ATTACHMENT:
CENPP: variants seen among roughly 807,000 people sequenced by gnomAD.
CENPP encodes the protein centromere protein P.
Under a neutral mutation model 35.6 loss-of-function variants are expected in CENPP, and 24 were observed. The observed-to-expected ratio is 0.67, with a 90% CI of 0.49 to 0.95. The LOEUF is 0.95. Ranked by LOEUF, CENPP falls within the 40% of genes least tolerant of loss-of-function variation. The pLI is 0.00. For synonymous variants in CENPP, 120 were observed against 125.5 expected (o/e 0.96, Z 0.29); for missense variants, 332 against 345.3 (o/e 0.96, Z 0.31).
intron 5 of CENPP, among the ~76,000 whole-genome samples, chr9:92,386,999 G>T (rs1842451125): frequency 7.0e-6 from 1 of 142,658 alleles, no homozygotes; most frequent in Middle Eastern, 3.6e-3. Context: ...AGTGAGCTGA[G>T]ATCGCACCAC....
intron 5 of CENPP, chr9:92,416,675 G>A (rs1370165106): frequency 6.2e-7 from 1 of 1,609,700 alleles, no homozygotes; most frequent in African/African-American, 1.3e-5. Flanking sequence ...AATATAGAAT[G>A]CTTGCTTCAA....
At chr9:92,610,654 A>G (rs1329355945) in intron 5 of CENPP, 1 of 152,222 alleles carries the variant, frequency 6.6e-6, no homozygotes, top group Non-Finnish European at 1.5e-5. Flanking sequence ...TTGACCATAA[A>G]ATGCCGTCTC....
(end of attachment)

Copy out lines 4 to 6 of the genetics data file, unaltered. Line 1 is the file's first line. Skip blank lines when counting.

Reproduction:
intron 5 of CENPP, among the ~76,000 whole-genome samples, chr9:92,386,999 G>T (rs1842451125): frequency 7.0e-6 from 1 of 142,658 alleles, no homozygotes; most frequent in Middle Eastern, 3.6e-3. Context: ...AGTGAGCTGA[G>T]ATCGCACCAC....
intron 5 of CENPP, chr9:92,416,675 G>A (rs1370165106): frequency 6.2e-7 from 1 of 1,609,700 alleles, no homozygotes; most frequent in African/African-American, 1.3e-5. Flanking sequence ...AATATAGAAT[G>A]CTTGCTTCAA....
At chr9:92,610,654 A>G (rs1329355945) in intron 5 of CENPP, 1 of 152,222 alleles carries the variant, frequency 6.6e-6, no homozygotes, top group Non-Finnish European at 1.5e-5. Flanking sequence ...TTGACCATAA[A>G]ATGCCGTCTC....